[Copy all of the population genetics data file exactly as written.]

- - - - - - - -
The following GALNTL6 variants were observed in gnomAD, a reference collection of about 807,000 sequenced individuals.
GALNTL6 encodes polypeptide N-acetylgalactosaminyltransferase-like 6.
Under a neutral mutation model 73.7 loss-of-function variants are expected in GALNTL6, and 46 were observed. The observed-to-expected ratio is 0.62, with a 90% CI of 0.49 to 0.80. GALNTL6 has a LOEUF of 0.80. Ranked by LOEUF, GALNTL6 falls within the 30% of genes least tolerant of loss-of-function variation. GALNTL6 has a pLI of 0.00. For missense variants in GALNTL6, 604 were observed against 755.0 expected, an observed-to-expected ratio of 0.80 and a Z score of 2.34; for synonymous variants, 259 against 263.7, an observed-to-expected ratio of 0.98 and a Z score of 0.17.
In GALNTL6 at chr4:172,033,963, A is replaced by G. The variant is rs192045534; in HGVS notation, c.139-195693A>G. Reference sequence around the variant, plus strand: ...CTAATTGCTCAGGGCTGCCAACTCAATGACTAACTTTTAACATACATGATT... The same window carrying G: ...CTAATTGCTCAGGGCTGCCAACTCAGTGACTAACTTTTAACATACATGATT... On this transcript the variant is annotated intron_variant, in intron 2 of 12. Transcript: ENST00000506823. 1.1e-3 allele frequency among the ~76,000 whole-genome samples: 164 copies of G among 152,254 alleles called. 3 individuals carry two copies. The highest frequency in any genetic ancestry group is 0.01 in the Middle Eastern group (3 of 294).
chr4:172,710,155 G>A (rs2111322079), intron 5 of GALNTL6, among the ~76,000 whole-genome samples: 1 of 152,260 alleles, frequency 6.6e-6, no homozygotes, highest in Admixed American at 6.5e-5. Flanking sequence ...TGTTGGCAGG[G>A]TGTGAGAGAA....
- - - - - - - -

The following GALNTL6 variants were observed in gnomAD, a reference collection of about 807,000 sequenced individuals.
GALNTL6 encodes polypeptide N-acetylgalactosaminyltransferase-like 6.
Under a neutral mutation model 73.7 loss-of-function variants are expected in GALNTL6, and 46 were observed. The observed-to-expected ratio is 0.62, with a 90% CI of 0.49 to 0.80. GALNTL6 has a LOEUF of 0.80. Ranked by LOEUF, GALNTL6 falls within the 30% of genes least tolerant of loss-of-function variation. GALNTL6 has a pLI of 0.00. For missense variants in GALNTL6, 604 were observed against 755.0 expected, an observed-to-expected ratio of 0.80 and a Z score of 2.34; for synonymous variants, 259 against 263.7, an observed-to-expected ratio of 0.98 and a Z score of 0.17.
In GALNTL6 at chr4:172,033,963, A is replaced by G. The variant is rs192045534; in HGVS notation, c.139-195693A>G. Reference sequence around the variant, plus strand: ...CTAATTGCTCAGGGCTGCCAACTCAATGACTAACTTTTAACATACATGATT... The same window carrying G: ...CTAATTGCTCAGGGCTGCCAACTCAGTGACTAACTTTTAACATACATGATT... On this transcript the variant is annotated intron_variant, in intron 2 of 12. Transcript: ENST00000506823. 1.1e-3 allele frequency among the ~76,000 whole-genome samples: 164 copies of G among 152,254 alleles called. 3 individuals carry two copies. The highest frequency in any genetic ancestry group is 0.01 in the Middle Eastern group (3 of 294).
chr4:172,710,155 G>A (rs2111322079), intron 5 of GALNTL6, among the ~76,000 whole-genome samples: 1 of 152,260 alleles, frequency 6.6e-6, no homozygotes, highest in Admixed American at 6.5e-5. Flanking sequence ...TGTTGGCAGG[G>A]TGTGAGAGAA....